Arthur and Frances Goward, Ron's Grandparents moved into the Garden Settlement, now called Wheller Gardens when it was opened in 1936. Their cottage is the one in the centre. This photo shows the small cottages made of fibro with tile roof. This was a pioneer venture that was a major step forward in aged care.

I remember visiting Dad's parents at the Garden Settlement. They were the very first residents there, and lived in a cottage overlooking bowling greens to the front and back, and a short walk to the dining room.

The cottage had two rooms, a bedroom and a sitting room, they had to go on to the veranda to move from one room to the other. The
verandas were on two sides of the cottage with a bathroom and toilet at the end of one of them.

After our rest after lunch on Sundays, we would walk from Kingsmill Street to the Garden Settlement. After visiting Grandma and Grandpa (Arthur and Frances Goward,) we would walk along Kelso and Farnell Streets. Sometimes we would visit Dad's sister, (Chris and Bill Denning) in Latham Street, or my Nan Smith in Kidston Terrace. And then home down Hall Street in time for tea.

The Police Station was on the corner of Gympie and Hamilton Roads. Sergeant Mahoney lived in the house, and there was a small lock-up at the back. I remember the fire station being built, a two-storeyed brick building.
My birthday is in January, and I missed out on going to school by 10 days - you had to have turned 5 by 1st January. (In fact I did start school at Wavell Heights State School when I was 5, but was sent home on the second day, because I was too young! When I was 6, I started school at Chermside.)

Mum and Dad sent me to Mrs Whelan's Kindergarten. I remember playing with coloured wooden blocks, drawing on blackboards (which were actually dark green!) on the wall, "sewing" with a bootlace and a punched card, reading stories, and finding any excuse to leave the room so we could see what pattern was on the milk bottle tops.

The milko would deliver the crate of one-third pint bottles we had at morning tea. I remember some kids didn't like milk and one girl always vomited when she was forced to have it. I remember the smell of my new "Paklite" school bag, and the different smell of it after a few weeks.

I remember Mum wrapping my morning tea and my sandwich for lunch in waxed paper, and packing them with a piece of fruit in an old biscuit tin, which went into my bag, along with my raincoat, a canvas affair with a black coating which cracked as it got older. Of course, the rain leaked in through the cracks.

If it was raining we packed our shoes and socks into our bag, along with a small towel, and walked barefoot to school. We had to do the same after school. I remember the smell of shoes drying at home, in the front of the open oven.

The First Methodist Church of Downfall Creek - Chermside

The original Downfall Creek - Chermside Methodist Church was built on the corner of Banfield and Gympie in 1877. It was slid down the hill to Hamilton and Gympie in 1926. The skillion on the side may have been added after the shift.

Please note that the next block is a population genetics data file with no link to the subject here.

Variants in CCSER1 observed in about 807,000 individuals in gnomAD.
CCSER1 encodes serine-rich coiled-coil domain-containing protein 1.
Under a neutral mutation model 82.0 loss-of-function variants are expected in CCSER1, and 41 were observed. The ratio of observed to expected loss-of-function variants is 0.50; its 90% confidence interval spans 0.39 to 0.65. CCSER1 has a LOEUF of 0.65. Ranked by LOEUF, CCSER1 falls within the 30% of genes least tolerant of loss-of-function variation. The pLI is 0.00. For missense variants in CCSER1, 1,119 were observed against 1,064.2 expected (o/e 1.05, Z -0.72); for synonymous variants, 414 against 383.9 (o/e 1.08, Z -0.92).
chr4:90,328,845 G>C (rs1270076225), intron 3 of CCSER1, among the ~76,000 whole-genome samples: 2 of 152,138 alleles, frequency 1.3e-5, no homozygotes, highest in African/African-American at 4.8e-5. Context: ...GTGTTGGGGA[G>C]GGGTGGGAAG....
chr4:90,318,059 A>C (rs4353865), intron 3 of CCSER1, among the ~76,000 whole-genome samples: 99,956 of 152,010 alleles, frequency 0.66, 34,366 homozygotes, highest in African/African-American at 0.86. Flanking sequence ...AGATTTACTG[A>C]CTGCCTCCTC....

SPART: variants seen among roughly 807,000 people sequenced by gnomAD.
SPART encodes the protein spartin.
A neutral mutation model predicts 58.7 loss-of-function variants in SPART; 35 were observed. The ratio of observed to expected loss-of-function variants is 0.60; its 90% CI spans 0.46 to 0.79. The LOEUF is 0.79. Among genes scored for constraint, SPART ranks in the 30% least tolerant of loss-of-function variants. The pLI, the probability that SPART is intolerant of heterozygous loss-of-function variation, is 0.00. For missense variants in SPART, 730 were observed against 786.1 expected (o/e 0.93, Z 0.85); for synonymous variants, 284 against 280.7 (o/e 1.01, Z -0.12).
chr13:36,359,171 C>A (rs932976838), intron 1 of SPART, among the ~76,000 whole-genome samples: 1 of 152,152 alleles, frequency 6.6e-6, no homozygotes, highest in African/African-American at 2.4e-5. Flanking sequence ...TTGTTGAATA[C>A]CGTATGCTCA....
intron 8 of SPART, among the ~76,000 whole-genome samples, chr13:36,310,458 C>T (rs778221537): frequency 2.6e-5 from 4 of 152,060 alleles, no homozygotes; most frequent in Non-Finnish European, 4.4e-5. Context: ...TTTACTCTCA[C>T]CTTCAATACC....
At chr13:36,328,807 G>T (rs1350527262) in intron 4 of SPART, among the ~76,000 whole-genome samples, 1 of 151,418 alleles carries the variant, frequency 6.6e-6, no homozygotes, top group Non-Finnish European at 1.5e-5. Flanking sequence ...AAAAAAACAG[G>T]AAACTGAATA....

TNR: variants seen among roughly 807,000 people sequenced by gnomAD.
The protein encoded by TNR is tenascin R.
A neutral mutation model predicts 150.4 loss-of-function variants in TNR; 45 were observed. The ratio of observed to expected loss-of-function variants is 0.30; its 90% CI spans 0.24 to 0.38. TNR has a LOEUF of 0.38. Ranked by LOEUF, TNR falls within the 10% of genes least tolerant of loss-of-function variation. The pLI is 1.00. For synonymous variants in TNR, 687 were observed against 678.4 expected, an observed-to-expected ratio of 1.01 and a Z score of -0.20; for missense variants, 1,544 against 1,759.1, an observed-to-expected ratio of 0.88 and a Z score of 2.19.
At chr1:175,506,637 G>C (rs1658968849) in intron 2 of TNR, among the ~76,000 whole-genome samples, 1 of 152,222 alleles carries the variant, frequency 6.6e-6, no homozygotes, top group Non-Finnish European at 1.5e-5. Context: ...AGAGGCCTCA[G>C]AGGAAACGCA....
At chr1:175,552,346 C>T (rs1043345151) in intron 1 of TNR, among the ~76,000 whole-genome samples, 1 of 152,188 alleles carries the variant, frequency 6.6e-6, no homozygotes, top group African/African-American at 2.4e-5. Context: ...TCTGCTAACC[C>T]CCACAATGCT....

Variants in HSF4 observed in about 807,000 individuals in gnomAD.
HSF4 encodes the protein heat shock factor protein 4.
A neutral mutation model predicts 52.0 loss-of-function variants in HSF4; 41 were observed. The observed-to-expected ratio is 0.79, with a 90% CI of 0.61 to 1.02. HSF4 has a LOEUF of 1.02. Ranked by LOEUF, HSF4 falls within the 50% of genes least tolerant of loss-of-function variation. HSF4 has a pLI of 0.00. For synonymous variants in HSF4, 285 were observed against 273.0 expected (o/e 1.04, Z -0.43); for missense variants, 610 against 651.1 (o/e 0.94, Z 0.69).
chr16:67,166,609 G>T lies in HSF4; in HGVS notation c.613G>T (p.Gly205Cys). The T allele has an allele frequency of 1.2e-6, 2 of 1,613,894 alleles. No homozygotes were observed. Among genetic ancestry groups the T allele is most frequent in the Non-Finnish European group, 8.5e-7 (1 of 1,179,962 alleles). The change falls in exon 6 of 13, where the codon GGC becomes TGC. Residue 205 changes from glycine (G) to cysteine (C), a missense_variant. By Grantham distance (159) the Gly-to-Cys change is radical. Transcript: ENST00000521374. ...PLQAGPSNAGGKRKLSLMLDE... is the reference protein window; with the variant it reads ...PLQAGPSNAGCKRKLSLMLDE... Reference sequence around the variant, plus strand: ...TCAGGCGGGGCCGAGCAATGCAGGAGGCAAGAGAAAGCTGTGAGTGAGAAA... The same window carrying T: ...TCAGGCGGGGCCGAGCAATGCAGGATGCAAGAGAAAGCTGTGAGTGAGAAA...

On the opposite corner to the Police Station was the Methodist Church, later to become Uniting Church.

My Mum and Dad were married in the old church, a wooden building which had been shifted from its original location on the hill near where the Green motel is currently located.

The Second Methodist Church of Chermside

The original Methodist Church was moved back to allow the first stage of the new one to be built in 1950. The new brick church was extended later but still had a boarded up eastern end when it was sold and demolished in the early 21st Century.

When the second church was built in 1950, there was a temporary wall at the back, as they had not enough money for the hall. When the new church was built, the old church became the church hall.

I remember the new church hall being built on the eastern end of the brick church, and it too had a temporary back wall, right up until it was demolished for the development that never seems to happen!

Kindergarten Hall

The Kindergarten class of 1953 with Ronald sitting up straight right in the middle wearing a white shirt and a dark tie. Later the lower part of the walls were lined with masonite and painted with blackboard paint. It was divided up into metre lengths with spaces for each child to draw using chalk.

To build the new church hall, the old one had to be shifted. Known as the "Primary Hall," it was where primary-school-aged kids had Sunday School. Behind it was a smaller, unlined hall, known as "Kindergarten Hall." This is where the little kids had Sunday School, and where, during the week, Mrs Whelan ran a kindergarten.

Dr. Parer's Surgery

Next door to the church in Gympie Road was Dr Parer's surgery, then a cake shop and the Ampol garage. A little further along, was Hamilton's Coach and Body Works. As well as repairing cars, the Hamiltons repaired horse-drawn vehicles: carriages, sulkies, carts, drays. We would often go home that way from school, just to watch Mr Hamilton painting the decorative lines, scrolls and curlicues on the beautifully shiny, dark paint of a newly-restored coach.

Then there was Mr Cash's grocery shop. I think it became the first cash and carry store in Brisbane. For the first time, you walked through the shop choosing what you wanted and taking it all to the front counter, where it was checked out. I remember that Mum would often send an order to Mr Cash, and the groceries would be delivered to our home later that afternoon. Further along was a newspaper shop and a fruit shop, then a beauty salon, and Mr Ferguson, the chemist.

On the corner of Kingsmill and Hall Streets, Mr Lex had a grocery shop attached to his house. I remember getting some pocket money for weighing out and packing potatoes and onions. Two doors down, Mrs Fawcett had a hair salon in the sleep-out at the front of her house.